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Pride resonates among All-Stars
Midsummer classic is first for many New York-Penn Leaguers
08/17/2010 10:24 PM ET
Brooklyn's Joe Bonfe did a little postseason scouting at the All-Star Game.
Brooklyn's Joe Bonfe did a little postseason scouting at the All-Star Game. (Danny Wild/MLB.com)
STATEN ISLAND, N.Y. -- Amid the excitement of playing alongside new teammates and the thrill of representing their clubs at the New York-Penn League All-Star Game, the emotion most prevalent in the dugouts was pride.

Many All-Stars have only been playing professional baseball for a few months and for them the game represents a major milestone in their quest to make it to the big leagues.

Batavia Muckdogs outfielder Nick Longmire was delighted when he learned he'd made the roster of the National League affiliates.

"It means so much to me," he said. "This is definitely one of the coolest things, baseball-wise, that I have ever been a part of. To be in my first year of pro ball and be here playing in the All-Star Game definitely means a lot. Making the All-Star team was definitely one of my goals."

Becoming an All-Star also was a goal of Brooklyn Cyclones third baseman Joe Bonfe, who said he always imagined playing good, fundamental baseball from Opening Day on.

"It means I've met one of my goals," he added. "It's midway through the season and I hoped to start hot and then stay hot for the rest of the year. To be in the All-Star Game is a big honor and I thank God it happened. And, hopefully, I can finish the season strong."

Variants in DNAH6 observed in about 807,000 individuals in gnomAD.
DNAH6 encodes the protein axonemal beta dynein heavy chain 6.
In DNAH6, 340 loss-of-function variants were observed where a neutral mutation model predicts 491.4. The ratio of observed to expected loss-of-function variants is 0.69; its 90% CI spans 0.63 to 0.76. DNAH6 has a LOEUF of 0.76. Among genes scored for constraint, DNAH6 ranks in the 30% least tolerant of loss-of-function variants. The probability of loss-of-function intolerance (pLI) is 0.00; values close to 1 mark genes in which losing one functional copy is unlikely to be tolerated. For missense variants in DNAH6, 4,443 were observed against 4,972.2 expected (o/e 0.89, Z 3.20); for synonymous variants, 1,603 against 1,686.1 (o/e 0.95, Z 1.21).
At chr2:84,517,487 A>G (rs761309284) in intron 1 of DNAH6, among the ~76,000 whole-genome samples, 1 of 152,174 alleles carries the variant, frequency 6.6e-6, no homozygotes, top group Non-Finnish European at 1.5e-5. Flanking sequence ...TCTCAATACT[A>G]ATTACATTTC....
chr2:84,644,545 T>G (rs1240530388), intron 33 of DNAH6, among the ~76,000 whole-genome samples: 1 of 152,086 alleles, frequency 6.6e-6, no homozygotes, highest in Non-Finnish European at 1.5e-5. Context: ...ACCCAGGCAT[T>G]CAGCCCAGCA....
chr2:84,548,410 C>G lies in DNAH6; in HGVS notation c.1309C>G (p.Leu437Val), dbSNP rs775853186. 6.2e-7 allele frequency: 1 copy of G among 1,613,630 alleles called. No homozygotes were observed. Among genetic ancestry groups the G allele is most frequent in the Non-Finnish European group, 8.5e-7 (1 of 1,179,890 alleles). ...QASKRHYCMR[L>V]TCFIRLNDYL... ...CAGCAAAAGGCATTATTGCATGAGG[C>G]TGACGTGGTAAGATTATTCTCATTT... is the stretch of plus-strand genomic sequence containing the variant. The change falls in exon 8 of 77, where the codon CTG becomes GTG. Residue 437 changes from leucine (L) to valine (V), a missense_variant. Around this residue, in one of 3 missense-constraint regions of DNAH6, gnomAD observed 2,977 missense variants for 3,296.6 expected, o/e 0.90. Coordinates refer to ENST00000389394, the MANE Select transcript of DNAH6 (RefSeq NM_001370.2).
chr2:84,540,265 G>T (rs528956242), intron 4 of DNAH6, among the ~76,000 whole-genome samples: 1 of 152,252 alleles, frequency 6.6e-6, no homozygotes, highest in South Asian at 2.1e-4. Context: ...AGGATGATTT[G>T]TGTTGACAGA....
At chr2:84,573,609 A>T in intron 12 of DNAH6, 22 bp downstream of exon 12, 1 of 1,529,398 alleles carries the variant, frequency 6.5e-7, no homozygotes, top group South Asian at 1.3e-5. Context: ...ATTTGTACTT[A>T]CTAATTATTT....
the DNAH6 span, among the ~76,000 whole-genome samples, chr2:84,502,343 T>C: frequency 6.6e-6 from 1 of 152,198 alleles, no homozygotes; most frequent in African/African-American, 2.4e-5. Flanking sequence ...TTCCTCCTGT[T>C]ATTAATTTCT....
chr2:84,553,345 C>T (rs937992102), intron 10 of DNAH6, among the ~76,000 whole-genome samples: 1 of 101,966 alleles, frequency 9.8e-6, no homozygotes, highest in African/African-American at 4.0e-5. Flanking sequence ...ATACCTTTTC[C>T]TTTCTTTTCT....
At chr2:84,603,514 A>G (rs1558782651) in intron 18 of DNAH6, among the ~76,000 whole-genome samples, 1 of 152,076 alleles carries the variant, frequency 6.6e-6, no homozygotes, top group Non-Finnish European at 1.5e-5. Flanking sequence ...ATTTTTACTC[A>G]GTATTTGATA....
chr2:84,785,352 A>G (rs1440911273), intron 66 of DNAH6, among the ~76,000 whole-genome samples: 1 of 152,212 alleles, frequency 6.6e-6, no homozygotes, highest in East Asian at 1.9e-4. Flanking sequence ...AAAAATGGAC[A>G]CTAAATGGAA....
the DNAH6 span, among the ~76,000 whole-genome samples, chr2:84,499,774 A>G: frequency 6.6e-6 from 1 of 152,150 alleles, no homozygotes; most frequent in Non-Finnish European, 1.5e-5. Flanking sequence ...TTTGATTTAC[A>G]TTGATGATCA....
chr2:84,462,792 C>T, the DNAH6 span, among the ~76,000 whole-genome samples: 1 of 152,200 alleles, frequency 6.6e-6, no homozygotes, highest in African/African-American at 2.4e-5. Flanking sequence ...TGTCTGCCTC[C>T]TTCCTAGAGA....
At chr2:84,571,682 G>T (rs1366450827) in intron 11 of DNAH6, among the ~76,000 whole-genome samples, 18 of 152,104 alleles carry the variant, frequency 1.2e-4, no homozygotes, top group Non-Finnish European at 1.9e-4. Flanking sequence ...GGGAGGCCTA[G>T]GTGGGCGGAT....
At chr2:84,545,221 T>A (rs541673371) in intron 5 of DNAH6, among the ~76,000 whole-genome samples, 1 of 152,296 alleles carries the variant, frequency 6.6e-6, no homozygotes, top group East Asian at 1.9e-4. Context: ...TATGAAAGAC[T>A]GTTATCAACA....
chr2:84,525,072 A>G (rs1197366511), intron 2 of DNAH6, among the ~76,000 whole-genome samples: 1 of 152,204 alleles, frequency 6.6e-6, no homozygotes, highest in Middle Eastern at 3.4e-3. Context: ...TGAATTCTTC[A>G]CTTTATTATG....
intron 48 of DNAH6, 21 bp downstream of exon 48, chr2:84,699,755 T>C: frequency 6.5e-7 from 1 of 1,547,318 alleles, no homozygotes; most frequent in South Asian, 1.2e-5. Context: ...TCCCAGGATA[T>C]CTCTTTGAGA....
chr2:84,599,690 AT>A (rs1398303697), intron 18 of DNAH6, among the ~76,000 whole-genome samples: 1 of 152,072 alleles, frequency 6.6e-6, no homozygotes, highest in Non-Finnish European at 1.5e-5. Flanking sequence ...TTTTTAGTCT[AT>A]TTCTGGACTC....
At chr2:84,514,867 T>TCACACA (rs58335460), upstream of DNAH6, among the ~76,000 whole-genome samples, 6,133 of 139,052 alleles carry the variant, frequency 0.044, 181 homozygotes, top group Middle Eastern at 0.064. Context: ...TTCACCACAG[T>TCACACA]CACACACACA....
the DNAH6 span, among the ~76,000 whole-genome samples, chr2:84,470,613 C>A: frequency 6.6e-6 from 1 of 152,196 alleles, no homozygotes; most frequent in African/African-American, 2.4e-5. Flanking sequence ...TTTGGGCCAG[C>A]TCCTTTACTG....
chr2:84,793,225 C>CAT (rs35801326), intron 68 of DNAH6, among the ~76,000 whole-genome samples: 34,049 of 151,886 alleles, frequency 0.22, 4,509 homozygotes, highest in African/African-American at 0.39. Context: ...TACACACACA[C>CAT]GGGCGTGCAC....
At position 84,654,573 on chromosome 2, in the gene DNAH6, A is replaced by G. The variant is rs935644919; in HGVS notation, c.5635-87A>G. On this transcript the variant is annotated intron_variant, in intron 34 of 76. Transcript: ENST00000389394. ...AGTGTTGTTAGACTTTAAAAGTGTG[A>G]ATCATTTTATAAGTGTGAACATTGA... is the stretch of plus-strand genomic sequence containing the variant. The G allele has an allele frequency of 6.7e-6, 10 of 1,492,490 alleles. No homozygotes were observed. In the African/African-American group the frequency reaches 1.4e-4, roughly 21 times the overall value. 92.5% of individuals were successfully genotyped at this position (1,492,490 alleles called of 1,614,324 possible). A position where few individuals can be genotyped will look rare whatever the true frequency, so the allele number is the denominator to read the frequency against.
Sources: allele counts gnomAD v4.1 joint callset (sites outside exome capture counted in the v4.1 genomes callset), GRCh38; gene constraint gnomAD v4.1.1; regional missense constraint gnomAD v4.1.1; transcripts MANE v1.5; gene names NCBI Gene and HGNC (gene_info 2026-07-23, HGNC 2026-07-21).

Hudson Valley Renegades right-hander Austin Hubbard added, "If we win, that's awesome, but it's the other things like signing these fans' autographs that make it special."

But it wasn't only the players who were happy to be at Richmond County Bank Ballpark.

"It's fun and it's exciting and it's an honor to be here and come and do this," said first-year Brooklyn Cyclones manager Wally Backman. "It's a proud moment for me and it's nice to see some of the players who I haven't seen in the league yet."

In brief

An All-Star first: Williamsport's Cesar Hernandez became the first National League representative to hit a triple in the All-Star Game when he roped a 2-2 pitch down the right-field line in the first inning.

Hernandez tried to score one batter later on a squibber by Brooklyn Cyclones RF Cory Vaughn that rolled between the pitcher's mound and home plate. But RHP Casey Lawrence barehanded the ball and flip to Auburn Doubledays teammate Carlos Perez for the fielder's choice.

Slugger trouble: The pregame festivities included Home Run Derby. And while there were a few monster shots, the league leaders struggled. Marcell Ozuna of the Jamestown Jammers, who leads the NYPL with 15 longballs (including one at Boston's Fenway Park), launched a titanic shot to center field. But it was his only one that cleared the fences.

Longmire, who has eight homers in 50 regular-season games, failed to hit any during the derby. Not known for his power, Phillip Wunderlich of the Hudson Valley Renegades hit the longest shot of the competition when his second homer cleared the right-field fence, bounced and ended up in The Narrows, the body of water that separates Staten Island from Brooklyn.